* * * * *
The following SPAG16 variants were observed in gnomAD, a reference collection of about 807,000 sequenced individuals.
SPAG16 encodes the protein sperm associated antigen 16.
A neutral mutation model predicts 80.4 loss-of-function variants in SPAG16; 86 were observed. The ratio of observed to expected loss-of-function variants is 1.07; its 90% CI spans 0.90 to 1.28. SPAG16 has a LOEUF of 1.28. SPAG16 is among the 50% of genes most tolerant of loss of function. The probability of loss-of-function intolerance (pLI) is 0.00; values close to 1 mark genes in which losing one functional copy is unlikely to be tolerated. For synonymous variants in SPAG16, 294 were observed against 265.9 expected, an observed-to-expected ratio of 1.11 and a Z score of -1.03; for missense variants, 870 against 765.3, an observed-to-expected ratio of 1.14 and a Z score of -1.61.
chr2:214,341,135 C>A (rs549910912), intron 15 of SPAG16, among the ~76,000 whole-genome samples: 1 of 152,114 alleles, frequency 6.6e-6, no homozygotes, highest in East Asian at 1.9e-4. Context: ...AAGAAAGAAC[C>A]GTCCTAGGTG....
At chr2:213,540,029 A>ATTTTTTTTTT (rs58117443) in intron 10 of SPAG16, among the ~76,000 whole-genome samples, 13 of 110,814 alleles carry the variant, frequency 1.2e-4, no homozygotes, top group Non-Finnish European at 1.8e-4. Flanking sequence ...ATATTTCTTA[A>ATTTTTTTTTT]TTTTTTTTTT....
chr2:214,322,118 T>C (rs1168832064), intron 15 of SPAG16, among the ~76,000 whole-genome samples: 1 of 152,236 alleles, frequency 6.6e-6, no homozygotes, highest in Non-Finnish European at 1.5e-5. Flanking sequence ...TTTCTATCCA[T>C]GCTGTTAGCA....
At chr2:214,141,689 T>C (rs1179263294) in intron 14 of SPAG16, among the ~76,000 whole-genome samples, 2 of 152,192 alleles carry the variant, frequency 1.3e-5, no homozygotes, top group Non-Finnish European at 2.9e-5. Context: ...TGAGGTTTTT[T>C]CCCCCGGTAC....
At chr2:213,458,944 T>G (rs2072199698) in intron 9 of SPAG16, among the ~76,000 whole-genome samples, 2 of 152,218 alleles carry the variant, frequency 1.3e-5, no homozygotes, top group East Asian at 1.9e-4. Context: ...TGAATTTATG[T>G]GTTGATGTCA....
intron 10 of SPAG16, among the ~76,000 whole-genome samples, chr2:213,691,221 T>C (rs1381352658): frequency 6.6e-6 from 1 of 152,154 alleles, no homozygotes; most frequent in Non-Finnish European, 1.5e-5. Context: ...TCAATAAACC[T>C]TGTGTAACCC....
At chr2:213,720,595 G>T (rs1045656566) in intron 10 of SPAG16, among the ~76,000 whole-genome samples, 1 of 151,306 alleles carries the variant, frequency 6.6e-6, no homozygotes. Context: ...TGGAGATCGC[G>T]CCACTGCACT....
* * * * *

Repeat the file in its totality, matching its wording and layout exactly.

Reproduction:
The following SPAG16 variants were observed in gnomAD, a reference collection of about 807,000 sequenced individuals.
SPAG16 encodes the protein sperm associated antigen 16.
A neutral mutation model predicts 80.4 loss-of-function variants in SPAG16; 86 were observed. The ratio of observed to expected loss-of-function variants is 1.07; its 90% CI spans 0.90 to 1.28. SPAG16 has a LOEUF of 1.28. SPAG16 is among the 50% of genes most tolerant of loss of function. The probability of loss-of-function intolerance (pLI) is 0.00; values close to 1 mark genes in which losing one functional copy is unlikely to be tolerated. For synonymous variants in SPAG16, 294 were observed against 265.9 expected, an observed-to-expected ratio of 1.11 and a Z score of -1.03; for missense variants, 870 against 765.3, an observed-to-expected ratio of 1.14 and a Z score of -1.61.
chr2:214,341,135 C>A (rs549910912), intron 15 of SPAG16, among the ~76,000 whole-genome samples: 1 of 152,114 alleles, frequency 6.6e-6, no homozygotes, highest in East Asian at 1.9e-4. Context: ...AAGAAAGAAC[C>A]GTCCTAGGTG....
At chr2:213,540,029 A>ATTTTTTTTTT (rs58117443) in intron 10 of SPAG16, among the ~76,000 whole-genome samples, 13 of 110,814 alleles carry the variant, frequency 1.2e-4, no homozygotes, top group Non-Finnish European at 1.8e-4. Flanking sequence ...ATATTTCTTA[A>ATTTTTTTTTT]TTTTTTTTTT....
chr2:214,322,118 T>C (rs1168832064), intron 15 of SPAG16, among the ~76,000 whole-genome samples: 1 of 152,236 alleles, frequency 6.6e-6, no homozygotes, highest in Non-Finnish European at 1.5e-5. Flanking sequence ...TTTCTATCCA[T>C]GCTGTTAGCA....
At chr2:214,141,689 T>C (rs1179263294) in intron 14 of SPAG16, among the ~76,000 whole-genome samples, 2 of 152,192 alleles carry the variant, frequency 1.3e-5, no homozygotes, top group Non-Finnish European at 2.9e-5. Context: ...TGAGGTTTTT[T>C]CCCCCGGTAC....
At chr2:213,458,944 T>G (rs2072199698) in intron 9 of SPAG16, among the ~76,000 whole-genome samples, 2 of 152,218 alleles carry the variant, frequency 1.3e-5, no homozygotes, top group East Asian at 1.9e-4. Context: ...TGAATTTATG[T>G]GTTGATGTCA....
intron 10 of SPAG16, among the ~76,000 whole-genome samples, chr2:213,691,221 T>C (rs1381352658): frequency 6.6e-6 from 1 of 152,154 alleles, no homozygotes; most frequent in Non-Finnish European, 1.5e-5. Context: ...TCAATAAACC[T>C]TGTGTAACCC....
At chr2:213,720,595 G>T (rs1045656566) in intron 10 of SPAG16, among the ~76,000 whole-genome samples, 1 of 151,306 alleles carries the variant, frequency 6.6e-6, no homozygotes. Context: ...TGGAGATCGC[G>T]CCACTGCACT....